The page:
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Thursday, July 15, 2010

Library Chatter (1)

Sometime last week, I mentioned starting some posts that are Library related - as in some of the things that we Librarians do every day and would love to share. I know I'm consumed all day every day with book lists, programs, crafts, and so on... So perhaps sharing some of those will keep me blogging more often and about things I care about (besides books and reviewing them and all that).

Now, I know the image I made is really, really basic. But I'd be happy to change it if someone has wonderful button knowledge. On to my first bit of Library Chatter. What better way to start this off than a craft I presented yesterday:

Snow Globe Craft Project
Grades 7-12

I had seen this project online a few times and figured it wouldn't be too difficult to do with my teens. Though, it wasn't exactly simple, but they had a fun time making a mess. :).

You start with jars - any size will do, I think. We used 12 ounce jars that I ordered from SKS Bottle & Packaging. As long as the tops have a good seal on them, you should be fine.

The next step is to have things for the kids to either glue or float in their jars. I had a few things. If they wanted plastic bits, I had buttons, shells, and little army guys. There's also a way to float a picture in the jar that I offered as an option. I like the picture idea the best - most of my teens just combined them all and filled the jars completely with stuff :).

If you do choose to float a picture, be sure you have enough packing tape for the kids to "laminate" the pictures. Speaking of pictures, I just gave them old weeded comic books and old magazines. I had a lot of takers on Spider Man. hah. You do have to make sure that the picture isn't too small - otherwise it will just float to the top and stay there.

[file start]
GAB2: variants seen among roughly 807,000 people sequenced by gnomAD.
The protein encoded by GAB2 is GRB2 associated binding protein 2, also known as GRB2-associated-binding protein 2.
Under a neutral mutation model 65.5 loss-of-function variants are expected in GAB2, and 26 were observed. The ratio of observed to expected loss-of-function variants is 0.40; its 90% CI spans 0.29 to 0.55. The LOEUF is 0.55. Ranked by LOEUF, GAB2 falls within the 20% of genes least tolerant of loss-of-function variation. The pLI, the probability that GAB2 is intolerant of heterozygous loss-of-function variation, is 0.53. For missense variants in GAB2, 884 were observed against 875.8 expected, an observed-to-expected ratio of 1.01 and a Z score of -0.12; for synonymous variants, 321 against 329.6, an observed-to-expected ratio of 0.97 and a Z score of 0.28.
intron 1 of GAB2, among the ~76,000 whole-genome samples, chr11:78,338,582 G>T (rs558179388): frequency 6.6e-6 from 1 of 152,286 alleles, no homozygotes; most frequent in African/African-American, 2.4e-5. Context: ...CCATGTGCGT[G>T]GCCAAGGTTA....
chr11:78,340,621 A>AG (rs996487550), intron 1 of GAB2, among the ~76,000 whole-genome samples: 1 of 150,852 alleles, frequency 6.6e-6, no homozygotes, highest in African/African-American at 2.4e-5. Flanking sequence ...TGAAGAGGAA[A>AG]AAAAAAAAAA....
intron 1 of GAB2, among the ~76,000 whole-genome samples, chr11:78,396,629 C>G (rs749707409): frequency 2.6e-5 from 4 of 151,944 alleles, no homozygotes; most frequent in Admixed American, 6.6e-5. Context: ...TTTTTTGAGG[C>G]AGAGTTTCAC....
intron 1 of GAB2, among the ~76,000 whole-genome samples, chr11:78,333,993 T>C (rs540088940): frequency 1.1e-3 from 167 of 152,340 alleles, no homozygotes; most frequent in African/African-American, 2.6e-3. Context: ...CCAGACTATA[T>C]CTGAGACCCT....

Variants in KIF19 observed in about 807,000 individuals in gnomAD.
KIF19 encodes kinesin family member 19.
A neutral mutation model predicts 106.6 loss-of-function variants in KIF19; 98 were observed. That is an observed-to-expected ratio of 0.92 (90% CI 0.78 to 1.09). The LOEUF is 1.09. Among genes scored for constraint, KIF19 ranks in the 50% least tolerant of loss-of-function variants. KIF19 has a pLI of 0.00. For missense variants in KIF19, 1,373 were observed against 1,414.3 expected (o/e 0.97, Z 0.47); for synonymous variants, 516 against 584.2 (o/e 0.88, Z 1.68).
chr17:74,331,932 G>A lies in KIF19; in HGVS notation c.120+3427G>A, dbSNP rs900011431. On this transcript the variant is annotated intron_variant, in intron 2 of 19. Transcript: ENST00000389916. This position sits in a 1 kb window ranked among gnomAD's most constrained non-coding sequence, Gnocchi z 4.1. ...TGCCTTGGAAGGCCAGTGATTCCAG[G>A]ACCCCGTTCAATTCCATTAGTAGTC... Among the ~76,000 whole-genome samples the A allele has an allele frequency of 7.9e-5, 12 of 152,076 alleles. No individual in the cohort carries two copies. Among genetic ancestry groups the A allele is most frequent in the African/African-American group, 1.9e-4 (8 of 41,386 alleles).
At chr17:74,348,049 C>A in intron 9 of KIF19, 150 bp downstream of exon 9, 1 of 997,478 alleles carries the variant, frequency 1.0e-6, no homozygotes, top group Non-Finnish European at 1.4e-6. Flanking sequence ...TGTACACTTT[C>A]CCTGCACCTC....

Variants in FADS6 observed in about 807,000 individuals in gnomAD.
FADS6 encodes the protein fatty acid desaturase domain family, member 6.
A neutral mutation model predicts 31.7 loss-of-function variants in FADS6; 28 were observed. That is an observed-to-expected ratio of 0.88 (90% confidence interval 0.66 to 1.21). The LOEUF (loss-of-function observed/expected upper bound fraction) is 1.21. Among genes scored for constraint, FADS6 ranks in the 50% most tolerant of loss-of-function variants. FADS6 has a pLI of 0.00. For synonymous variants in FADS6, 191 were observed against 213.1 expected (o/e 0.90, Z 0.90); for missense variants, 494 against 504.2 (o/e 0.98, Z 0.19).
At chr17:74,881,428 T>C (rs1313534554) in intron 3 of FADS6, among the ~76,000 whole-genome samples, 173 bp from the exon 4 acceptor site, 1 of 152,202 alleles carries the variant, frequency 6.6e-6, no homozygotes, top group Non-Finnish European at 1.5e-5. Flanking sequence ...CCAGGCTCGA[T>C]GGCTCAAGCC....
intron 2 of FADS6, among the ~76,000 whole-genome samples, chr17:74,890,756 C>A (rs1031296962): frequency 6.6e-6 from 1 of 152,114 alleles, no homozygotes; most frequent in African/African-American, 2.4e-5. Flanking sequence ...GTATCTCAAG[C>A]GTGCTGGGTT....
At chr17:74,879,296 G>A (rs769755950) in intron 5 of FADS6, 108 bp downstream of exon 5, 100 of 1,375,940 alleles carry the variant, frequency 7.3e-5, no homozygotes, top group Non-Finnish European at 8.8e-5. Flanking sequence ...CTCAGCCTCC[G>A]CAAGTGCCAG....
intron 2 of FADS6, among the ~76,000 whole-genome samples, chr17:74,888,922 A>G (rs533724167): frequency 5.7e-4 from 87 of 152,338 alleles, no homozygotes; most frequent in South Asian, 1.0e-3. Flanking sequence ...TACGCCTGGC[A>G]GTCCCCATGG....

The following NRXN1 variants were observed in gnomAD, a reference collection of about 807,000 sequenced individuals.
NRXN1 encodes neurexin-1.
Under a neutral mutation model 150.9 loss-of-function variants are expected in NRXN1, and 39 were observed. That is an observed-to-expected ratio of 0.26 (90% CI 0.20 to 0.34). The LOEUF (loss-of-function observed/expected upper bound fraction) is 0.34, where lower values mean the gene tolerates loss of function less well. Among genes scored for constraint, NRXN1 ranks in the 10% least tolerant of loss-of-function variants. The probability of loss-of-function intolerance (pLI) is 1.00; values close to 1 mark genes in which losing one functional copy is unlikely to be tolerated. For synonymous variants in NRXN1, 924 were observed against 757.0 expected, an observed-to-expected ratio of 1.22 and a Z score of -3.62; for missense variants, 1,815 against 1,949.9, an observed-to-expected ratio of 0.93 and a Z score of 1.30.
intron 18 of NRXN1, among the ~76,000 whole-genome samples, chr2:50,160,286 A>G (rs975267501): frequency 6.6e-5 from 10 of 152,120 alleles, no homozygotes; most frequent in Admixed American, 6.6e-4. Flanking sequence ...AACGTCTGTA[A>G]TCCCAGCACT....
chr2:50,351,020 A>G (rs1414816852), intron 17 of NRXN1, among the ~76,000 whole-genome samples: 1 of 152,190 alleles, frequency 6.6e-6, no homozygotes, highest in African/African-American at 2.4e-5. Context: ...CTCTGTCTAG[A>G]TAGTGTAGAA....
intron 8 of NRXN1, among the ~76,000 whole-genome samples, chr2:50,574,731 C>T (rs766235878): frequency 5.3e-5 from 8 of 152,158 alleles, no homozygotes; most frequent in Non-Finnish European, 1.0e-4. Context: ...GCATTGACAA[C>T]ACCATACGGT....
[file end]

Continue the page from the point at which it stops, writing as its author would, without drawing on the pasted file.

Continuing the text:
Anyway, once they've fixed up the inside of the jar, it's time for the water and glitter. Make sure you fill it with enough water that you don't have a huge air bubble when you finish (though you can always add more later). Then you have to put corn syrup in each jar. This is to keep the glitter from sticking together and to give it the "snow globe consistency." Don't use too much, though, because it will make the water cloudy. (Science Lesson anyone?)

In terms of glitter, I think the solid colors work best (instead of the multi colored stuff). I would suggest not putting in too much at first - or they will just have to dump the water and start over. The glitter can get a bit overpowering. You can also have other floaty bits. Whatever you've got.

Once they closed it up, many of my kids decided to decorate the outside of their jars. Pipe Cleaners, buttons, googly eyes... whatever you've got. It's a craft explosion! :)

I had a few teens who needed help with ideas, but other than that it was a pretty self sufficient project. We did have hands on deck to help with the water and corn syrup part. I would recommend the project for other libraries if you have the manpower - and if you're looking for a fun time instead of a gorgeous outcome :).

Here are a few of my sources for knowing what to get and how to do the project:

Have you ever tried to make a snow globe before? How did it turn out?


Chelle said...

It looks like you had fun! I can only imagine the mess. I'd have glitter everywhere. Great post!

Tammy said...

Love the snow globe idea! I have a ton of younger kids in my reading program so my crafts tend to be a little more simple. But I'm going to try the snow globe with my daughter at home.
Thanks for the post!

Super Librarian said...

Great idea! I've never even though about making my own snow globe - so creative.

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